The most obvious virtue of the book is that it deals extensively and in depth with the analysis of EU State aid issues. In many respects, it is deeper and more comprehensive than prior treatises and monographs, which do not address all matters covered in the book equally extensively. This is the case, for instance, of the treatment of public infrastructure investments under Article 107 TFEU (chapter prepared by Penelope Papandropoulos and Elisabetta Righini), which has become particularly prominent. The same is true of the chapter devoted to privatisations (written by Andreas von Bonin and Elisabeth Haringer) and to risk finance (Isabel Taylor and Albert Bravo-Biosca). On the other hand, the editors have been careful to place ‘bigger picture’ chapters that give an overall sense of coherence and that help navigate more specific chapters.

A second virtue of the book is that it deals with some issues that are unlikely to be found in any other treatise or in academic articles. For instance, there is a useful and elegantly presented chapter that examines the ex post evaluation of aid (written by Xavier Boutin and Inkalotta Nuotio-Osazee) and that sets an agenda for further research by academics and public authorities.

Another virtue – and this is perhaps its most apparent selling point – is that it systematically integrates legal and economic analysis. Most chapters are jointly written by a lawyer and an economist. Economic insights are successfully introduced in a way that can be followed and understood by a non-economists. This exercise is not easy. In this regard, the treatise stands up there with O’Donoghue and Padilla’s Law and Economics of Article 102 TFEU.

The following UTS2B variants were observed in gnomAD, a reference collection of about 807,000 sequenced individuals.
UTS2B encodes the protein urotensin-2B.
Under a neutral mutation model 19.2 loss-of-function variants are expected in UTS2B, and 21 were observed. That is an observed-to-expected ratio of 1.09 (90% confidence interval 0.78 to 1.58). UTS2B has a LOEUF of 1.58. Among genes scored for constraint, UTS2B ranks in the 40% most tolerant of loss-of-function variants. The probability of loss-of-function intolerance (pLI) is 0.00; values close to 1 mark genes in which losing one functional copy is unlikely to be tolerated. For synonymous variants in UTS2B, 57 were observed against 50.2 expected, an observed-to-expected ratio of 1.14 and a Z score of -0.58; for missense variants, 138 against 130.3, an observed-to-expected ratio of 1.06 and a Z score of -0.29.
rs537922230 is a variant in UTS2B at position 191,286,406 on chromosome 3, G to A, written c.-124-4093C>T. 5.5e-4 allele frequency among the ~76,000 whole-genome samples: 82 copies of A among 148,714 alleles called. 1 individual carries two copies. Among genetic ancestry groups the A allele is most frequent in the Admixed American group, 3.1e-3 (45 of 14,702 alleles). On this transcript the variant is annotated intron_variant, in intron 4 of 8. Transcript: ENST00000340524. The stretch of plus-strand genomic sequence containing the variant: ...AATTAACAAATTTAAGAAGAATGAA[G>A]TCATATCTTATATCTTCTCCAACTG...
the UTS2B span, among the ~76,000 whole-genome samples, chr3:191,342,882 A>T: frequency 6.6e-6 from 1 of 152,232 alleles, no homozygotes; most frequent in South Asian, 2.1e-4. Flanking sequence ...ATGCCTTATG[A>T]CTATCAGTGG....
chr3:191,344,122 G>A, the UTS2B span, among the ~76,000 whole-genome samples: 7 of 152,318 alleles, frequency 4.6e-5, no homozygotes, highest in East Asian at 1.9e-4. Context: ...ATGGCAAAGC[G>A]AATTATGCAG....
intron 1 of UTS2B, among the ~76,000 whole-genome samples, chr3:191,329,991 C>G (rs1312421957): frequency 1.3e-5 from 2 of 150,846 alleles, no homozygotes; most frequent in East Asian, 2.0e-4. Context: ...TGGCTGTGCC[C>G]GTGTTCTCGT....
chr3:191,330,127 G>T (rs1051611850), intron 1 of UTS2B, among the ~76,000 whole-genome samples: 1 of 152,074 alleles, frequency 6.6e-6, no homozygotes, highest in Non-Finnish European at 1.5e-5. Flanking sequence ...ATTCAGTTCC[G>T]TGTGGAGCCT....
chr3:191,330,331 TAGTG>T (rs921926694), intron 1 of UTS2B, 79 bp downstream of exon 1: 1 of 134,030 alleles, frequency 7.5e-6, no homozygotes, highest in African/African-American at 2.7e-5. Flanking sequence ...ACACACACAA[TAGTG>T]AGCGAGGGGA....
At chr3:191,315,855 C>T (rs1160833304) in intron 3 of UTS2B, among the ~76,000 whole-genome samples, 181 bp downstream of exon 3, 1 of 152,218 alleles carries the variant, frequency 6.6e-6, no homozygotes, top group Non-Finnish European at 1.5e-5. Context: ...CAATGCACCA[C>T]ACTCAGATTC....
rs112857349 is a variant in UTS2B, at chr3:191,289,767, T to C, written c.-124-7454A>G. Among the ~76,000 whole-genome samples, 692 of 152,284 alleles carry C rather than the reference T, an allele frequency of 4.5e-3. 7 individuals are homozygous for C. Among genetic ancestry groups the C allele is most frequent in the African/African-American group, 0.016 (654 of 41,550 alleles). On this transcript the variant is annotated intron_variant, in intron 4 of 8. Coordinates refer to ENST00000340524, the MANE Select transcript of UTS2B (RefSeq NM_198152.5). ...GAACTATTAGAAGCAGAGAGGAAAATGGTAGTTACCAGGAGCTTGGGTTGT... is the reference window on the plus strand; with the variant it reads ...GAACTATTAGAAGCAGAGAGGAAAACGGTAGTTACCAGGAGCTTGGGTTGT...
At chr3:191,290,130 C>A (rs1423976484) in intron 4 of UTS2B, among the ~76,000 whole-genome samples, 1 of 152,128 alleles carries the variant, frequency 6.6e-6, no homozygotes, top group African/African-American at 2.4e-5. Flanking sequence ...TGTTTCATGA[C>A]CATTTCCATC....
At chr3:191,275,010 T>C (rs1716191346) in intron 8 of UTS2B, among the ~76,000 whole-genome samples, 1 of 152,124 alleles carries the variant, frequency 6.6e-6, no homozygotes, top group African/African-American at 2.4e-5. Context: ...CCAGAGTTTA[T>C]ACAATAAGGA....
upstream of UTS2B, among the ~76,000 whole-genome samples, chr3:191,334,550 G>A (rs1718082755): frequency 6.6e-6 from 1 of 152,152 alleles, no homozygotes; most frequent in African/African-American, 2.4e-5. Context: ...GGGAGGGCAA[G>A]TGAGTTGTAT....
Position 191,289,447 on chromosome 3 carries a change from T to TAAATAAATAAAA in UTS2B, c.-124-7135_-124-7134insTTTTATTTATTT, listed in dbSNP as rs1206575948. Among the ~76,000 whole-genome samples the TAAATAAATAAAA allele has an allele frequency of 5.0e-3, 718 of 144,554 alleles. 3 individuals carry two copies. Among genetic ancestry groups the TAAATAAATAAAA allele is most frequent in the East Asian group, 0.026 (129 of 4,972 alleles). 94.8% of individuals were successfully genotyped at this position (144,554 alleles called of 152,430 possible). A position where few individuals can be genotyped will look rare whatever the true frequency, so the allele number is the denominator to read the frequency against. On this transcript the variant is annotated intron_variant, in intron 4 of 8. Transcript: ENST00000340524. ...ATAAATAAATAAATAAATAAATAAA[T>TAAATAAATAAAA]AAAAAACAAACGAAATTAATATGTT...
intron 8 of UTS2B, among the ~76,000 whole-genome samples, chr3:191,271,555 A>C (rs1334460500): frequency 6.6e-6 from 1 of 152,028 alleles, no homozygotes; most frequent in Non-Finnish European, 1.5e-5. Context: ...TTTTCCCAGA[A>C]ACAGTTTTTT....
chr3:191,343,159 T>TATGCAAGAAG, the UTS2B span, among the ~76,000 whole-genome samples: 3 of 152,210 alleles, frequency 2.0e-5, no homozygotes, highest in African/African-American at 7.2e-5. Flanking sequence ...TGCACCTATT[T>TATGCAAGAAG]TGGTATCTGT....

For instance, the introductory chapter, written by the co-editors of the treatise, introduces some valuable notions that are helpful to make sense of the rationale behind State aid control and of its limited scope of application – why, for instance, it makes sense to capture selective, as opposed to general, measures. Another example of successful blending is the chapter devoted to the notion of advantage (written by Giuseppe Conte and James Kavanagh), in which the so-called market economy investor principle is discussed at length, combining concrete examples from the case law and administrative practice with economic approaches to the evaluation of the question.

This book will meet with immediate success and it is hoped that several editions will follow. In future editions, this reviewer (a lawyer by training) hopes that economic analysis will feature even more prominently than in the present edition. Economic analysis is a very powerful tool to avoid muddled thinking, streamline the analysis and expose the inconsistencies and implications of certain substantive choices. In this sense, it is still much needed in the field. It is anticipated that this treatise will contribute significantly to the clarification of some issues and the definition of meaningful boundaries to action under Article 107 TFEU.

For instance, Michael Honoré wrote a most insightful chapter on selectivity that will be widely cited and influential. At the same time, one cannot avoid the impression that economic analysis could have been used further to test, and make sense of, some concepts found in the case law. The definition of the ‘reference framework’, or the identification of firms that are in a ‘comparable factual and legal situation’ all call for the sort of formal analysis that economic tools can provide and that the EU courts are yet to introduce.

In any event, Philipp Werner, Vincent Verouden and the other authors should be commended for a remarkable achievement which, this reviewer is convinced, will only improve over time.


Written by Pablo Ibanez Colomo

30 May 2017 at 5:41 pm

Posted in Uncategorized

One Response

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  1. Thanks Pablo! In the same issue of ESTAL, Sylvain and I also comment the Autogrill/Santander cases and address some of the criticisms made on the blog (which we of course mentioned). Check it out!

    Adrien Giraud

    1 June 2017 at 12:16 am